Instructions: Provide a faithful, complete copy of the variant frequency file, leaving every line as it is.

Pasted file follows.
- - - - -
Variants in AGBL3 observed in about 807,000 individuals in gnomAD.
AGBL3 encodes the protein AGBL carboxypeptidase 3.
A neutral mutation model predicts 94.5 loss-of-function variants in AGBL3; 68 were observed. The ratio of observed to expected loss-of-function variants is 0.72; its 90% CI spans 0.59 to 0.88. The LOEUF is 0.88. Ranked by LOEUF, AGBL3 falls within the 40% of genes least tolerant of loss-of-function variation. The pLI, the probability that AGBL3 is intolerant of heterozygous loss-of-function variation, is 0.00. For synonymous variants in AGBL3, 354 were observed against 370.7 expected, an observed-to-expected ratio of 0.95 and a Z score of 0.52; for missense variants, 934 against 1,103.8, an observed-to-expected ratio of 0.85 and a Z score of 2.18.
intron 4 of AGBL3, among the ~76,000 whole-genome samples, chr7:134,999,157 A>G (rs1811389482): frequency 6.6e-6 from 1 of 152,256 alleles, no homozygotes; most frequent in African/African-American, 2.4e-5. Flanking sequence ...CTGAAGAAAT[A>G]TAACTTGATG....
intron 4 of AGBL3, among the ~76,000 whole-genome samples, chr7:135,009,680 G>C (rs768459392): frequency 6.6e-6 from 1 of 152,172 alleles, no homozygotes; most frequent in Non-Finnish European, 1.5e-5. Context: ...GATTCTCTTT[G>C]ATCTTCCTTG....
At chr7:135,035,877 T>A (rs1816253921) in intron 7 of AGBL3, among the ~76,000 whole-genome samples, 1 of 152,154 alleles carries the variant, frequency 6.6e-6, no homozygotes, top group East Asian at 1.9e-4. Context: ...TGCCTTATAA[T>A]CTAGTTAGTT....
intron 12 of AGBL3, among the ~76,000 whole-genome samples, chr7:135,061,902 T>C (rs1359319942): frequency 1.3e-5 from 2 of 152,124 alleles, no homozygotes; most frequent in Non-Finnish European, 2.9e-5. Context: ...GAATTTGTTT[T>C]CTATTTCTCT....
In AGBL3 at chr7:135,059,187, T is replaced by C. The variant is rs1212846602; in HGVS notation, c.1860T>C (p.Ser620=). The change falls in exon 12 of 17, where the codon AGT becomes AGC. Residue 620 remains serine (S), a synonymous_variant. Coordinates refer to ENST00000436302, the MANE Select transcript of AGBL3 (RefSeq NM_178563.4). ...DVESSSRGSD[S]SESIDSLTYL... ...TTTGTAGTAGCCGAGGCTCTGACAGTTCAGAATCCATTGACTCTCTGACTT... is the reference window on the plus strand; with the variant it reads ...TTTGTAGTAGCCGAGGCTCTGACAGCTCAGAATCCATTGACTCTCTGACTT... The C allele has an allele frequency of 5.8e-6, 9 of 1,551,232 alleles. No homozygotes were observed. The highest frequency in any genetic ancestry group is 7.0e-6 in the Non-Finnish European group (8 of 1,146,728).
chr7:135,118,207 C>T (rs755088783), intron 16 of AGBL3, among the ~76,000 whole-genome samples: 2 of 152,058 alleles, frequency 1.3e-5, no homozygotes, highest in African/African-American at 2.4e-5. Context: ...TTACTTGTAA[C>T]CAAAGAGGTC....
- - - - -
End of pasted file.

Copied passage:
Variants in AGBL3 observed in about 807,000 individuals in gnomAD.
AGBL3 encodes the protein AGBL carboxypeptidase 3.
A neutral mutation model predicts 94.5 loss-of-function variants in AGBL3; 68 were observed. The ratio of observed to expected loss-of-function variants is 0.72; its 90% CI spans 0.59 to 0.88. The LOEUF is 0.88. Ranked by LOEUF, AGBL3 falls within the 40% of genes least tolerant of loss-of-function variation. The pLI, the probability that AGBL3 is intolerant of heterozygous loss-of-function variation, is 0.00. For synonymous variants in AGBL3, 354 were observed against 370.7 expected, an observed-to-expected ratio of 0.95 and a Z score of 0.52; for missense variants, 934 against 1,103.8, an observed-to-expected ratio of 0.85 and a Z score of 2.18.
intron 4 of AGBL3, among the ~76,000 whole-genome samples, chr7:134,999,157 A>G (rs1811389482): frequency 6.6e-6 from 1 of 152,256 alleles, no homozygotes; most frequent in African/African-American, 2.4e-5. Flanking sequence ...CTGAAGAAAT[A>G]TAACTTGATG....
intron 4 of AGBL3, among the ~76,000 whole-genome samples, chr7:135,009,680 G>C (rs768459392): frequency 6.6e-6 from 1 of 152,172 alleles, no homozygotes; most frequent in Non-Finnish European, 1.5e-5. Context: ...GATTCTCTTT[G>C]ATCTTCCTTG....
At chr7:135,035,877 T>A (rs1816253921) in intron 7 of AGBL3, among the ~76,000 whole-genome samples, 1 of 152,154 alleles carries the variant, frequency 6.6e-6, no homozygotes, top group East Asian at 1.9e-4. Context: ...TGCCTTATAA[T>A]CTAGTTAGTT....
intron 12 of AGBL3, among the ~76,000 whole-genome samples, chr7:135,061,902 T>C (rs1359319942): frequency 1.3e-5 from 2 of 152,124 alleles, no homozygotes; most frequent in Non-Finnish European, 2.9e-5. Context: ...GAATTTGTTT[T>C]CTATTTCTCT....
In AGBL3 at chr7:135,059,187, T is replaced by C. The variant is rs1212846602; in HGVS notation, c.1860T>C (p.Ser620=). The change falls in exon 12 of 17, where the codon AGT becomes AGC. Residue 620 remains serine (S), a synonymous_variant. Coordinates refer to ENST00000436302, the MANE Select transcript of AGBL3 (RefSeq NM_178563.4). ...DVESSSRGSD[S]SESIDSLTYL... ...TTTGTAGTAGCCGAGGCTCTGACAGTTCAGAATCCATTGACTCTCTGACTT... is the reference window on the plus strand; with the variant it reads ...TTTGTAGTAGCCGAGGCTCTGACAGCTCAGAATCCATTGACTCTCTGACTT... The C allele has an allele frequency of 5.8e-6, 9 of 1,551,232 alleles. No homozygotes were observed. The highest frequency in any genetic ancestry group is 7.0e-6 in the Non-Finnish European group (8 of 1,146,728).
chr7:135,118,207 C>T (rs755088783), intron 16 of AGBL3, among the ~76,000 whole-genome samples: 2 of 152,058 alleles, frequency 1.3e-5, no homozygotes, highest in African/African-American at 2.4e-5. Context: ...TTACTTGTAA[C>T]CAAAGAGGTC....